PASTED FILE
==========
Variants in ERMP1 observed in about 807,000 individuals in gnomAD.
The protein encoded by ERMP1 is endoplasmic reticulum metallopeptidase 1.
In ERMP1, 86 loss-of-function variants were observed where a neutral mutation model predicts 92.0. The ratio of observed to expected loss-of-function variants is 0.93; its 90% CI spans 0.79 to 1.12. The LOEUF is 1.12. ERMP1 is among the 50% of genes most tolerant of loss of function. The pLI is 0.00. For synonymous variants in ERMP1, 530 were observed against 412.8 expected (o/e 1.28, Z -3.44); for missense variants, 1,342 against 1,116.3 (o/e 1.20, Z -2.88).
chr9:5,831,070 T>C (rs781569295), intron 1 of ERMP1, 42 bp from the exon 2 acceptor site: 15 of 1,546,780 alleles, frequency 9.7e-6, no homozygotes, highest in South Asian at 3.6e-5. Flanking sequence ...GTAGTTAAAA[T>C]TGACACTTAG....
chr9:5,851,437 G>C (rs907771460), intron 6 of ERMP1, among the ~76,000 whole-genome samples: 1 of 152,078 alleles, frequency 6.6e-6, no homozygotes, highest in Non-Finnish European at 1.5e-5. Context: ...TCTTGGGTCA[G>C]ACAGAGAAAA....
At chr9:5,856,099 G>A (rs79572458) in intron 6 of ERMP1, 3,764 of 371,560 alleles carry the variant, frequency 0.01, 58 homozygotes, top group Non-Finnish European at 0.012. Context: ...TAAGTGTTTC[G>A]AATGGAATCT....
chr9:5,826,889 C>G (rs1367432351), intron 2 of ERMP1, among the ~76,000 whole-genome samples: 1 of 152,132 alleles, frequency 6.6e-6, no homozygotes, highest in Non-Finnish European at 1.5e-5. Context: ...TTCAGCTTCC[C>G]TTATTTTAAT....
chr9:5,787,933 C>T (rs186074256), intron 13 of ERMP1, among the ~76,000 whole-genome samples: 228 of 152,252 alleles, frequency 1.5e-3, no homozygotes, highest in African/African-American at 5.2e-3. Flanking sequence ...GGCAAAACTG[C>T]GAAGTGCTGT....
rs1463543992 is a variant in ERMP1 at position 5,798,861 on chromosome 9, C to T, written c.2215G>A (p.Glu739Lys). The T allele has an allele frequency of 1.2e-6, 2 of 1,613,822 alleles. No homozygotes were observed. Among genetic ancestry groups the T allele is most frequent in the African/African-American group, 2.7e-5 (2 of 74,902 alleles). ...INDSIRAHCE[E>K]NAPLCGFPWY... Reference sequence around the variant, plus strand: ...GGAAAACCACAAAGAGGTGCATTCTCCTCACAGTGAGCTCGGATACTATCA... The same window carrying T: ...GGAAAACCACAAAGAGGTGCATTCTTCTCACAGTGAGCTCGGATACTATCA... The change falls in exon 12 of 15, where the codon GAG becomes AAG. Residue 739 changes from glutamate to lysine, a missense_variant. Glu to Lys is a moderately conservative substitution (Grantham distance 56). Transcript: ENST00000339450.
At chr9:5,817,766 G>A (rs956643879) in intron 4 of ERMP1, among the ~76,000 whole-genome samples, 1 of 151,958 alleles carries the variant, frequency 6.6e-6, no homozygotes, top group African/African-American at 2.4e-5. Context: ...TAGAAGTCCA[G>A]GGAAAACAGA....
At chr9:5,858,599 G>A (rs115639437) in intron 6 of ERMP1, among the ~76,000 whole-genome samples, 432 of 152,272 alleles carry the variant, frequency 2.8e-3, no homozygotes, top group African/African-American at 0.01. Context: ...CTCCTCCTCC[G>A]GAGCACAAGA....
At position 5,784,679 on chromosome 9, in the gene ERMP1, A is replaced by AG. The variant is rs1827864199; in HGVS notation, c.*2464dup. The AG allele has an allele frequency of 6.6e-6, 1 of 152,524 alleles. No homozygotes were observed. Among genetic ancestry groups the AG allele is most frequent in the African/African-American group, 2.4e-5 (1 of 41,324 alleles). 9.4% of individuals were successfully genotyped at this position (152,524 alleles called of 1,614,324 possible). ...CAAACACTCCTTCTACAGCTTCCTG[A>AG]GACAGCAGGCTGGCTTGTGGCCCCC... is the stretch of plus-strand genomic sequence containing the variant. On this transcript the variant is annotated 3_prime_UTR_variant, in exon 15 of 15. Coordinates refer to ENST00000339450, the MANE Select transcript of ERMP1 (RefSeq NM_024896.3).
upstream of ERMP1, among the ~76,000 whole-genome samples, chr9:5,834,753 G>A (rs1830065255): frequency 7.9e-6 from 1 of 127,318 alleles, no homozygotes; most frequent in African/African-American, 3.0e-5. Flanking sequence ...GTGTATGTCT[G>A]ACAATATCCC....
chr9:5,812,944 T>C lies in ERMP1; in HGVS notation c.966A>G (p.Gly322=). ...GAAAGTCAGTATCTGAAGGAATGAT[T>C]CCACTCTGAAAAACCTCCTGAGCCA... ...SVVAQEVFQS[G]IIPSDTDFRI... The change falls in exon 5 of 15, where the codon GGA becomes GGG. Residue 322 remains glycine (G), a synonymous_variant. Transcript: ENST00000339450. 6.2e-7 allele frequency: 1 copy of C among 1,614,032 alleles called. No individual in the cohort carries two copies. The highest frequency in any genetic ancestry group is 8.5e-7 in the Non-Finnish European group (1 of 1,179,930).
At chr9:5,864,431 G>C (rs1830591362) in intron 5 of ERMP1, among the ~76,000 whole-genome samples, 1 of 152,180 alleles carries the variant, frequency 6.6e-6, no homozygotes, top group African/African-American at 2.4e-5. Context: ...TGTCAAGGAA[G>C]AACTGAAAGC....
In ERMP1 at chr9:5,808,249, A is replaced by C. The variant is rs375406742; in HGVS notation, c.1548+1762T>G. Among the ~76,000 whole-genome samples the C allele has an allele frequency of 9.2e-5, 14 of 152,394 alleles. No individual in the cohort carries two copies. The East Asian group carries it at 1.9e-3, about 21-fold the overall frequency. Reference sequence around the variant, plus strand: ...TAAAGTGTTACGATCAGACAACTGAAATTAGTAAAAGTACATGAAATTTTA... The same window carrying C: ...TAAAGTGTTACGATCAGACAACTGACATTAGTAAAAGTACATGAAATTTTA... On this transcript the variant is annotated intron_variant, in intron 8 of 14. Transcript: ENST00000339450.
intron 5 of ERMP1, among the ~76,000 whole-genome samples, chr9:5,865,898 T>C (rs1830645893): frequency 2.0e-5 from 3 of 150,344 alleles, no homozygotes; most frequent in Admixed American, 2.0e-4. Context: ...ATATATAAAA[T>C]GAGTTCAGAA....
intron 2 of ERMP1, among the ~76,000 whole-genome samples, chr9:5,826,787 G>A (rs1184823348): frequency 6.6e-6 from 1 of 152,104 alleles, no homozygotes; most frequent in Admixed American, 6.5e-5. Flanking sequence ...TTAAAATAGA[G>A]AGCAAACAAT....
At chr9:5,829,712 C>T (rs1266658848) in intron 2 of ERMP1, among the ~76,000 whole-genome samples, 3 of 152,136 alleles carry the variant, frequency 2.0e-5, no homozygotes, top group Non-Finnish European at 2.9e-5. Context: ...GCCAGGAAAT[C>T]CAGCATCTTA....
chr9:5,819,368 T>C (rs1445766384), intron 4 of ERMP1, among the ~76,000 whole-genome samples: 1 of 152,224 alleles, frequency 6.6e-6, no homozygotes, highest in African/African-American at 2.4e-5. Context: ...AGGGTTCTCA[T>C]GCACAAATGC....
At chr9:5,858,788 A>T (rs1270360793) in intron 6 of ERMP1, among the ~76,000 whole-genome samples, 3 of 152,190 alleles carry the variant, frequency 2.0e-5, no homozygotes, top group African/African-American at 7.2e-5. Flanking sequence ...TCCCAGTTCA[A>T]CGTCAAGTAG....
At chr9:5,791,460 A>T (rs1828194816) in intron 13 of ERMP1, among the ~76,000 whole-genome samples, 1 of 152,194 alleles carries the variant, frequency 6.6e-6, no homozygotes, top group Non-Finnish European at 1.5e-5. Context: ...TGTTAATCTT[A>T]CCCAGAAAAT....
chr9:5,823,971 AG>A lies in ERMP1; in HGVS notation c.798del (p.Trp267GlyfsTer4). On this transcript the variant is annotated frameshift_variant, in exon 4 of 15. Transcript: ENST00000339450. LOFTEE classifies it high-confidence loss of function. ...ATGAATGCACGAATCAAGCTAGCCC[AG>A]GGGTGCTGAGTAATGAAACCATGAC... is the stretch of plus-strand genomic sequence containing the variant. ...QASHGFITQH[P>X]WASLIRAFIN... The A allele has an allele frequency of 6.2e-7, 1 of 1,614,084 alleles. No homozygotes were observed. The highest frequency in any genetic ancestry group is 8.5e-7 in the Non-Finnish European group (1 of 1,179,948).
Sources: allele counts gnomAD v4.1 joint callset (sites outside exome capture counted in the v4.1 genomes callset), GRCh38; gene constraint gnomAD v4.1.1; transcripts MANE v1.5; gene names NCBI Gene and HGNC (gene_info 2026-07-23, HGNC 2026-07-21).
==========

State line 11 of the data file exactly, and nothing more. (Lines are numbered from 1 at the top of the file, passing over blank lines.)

At chr9:5,858,599 G>A (rs115639437) in intron 6 of ERMP1, among the ~76,000 whole-genome samples, 432 of 152,272 alleles carry the variant, frequency 2.8e-3, no homozygotes, top group African/African-American at 0.01. Context: ...CTCCTCCTCC[G>A]GAGCACAAGA....